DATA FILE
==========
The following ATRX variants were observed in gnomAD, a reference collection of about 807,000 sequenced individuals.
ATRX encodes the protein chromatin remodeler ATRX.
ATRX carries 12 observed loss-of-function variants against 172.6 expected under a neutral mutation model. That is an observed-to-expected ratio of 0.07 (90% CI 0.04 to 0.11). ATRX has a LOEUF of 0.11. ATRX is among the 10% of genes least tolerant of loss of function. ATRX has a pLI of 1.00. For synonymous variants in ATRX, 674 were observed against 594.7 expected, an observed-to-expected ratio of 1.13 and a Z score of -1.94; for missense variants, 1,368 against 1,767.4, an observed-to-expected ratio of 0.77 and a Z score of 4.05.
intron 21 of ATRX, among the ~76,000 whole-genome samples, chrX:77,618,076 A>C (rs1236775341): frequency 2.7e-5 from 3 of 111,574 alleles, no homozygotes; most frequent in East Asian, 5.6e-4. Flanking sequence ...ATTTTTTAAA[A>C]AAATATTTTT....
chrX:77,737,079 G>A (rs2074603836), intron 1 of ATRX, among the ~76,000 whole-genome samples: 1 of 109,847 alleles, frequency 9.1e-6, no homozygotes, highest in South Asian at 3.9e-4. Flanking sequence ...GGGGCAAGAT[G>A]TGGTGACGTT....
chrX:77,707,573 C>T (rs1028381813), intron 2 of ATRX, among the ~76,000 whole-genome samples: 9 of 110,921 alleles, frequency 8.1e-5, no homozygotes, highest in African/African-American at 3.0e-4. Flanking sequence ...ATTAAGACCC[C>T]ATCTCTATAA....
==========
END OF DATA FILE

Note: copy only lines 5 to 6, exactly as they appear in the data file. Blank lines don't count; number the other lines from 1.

chrX:77,737,079 G>A (rs2074603836), intron 1 of ATRX, among the ~76,000 whole-genome samples: 1 of 109,847 alleles, frequency 9.1e-6, no homozygotes, highest in South Asian at 3.9e-4. Flanking sequence ...GGGGCAAGAT[G>A]TGGTGACGTT....
chrX:77,707,573 C>T (rs1028381813), intron 2 of ATRX, among the ~76,000 whole-genome samples: 9 of 110,921 alleles, frequency 8.1e-5, no homozygotes, highest in African/African-American at 3.0e-4. Flanking sequence ...ATTAAGACCC[C>T]ATCTCTATAA....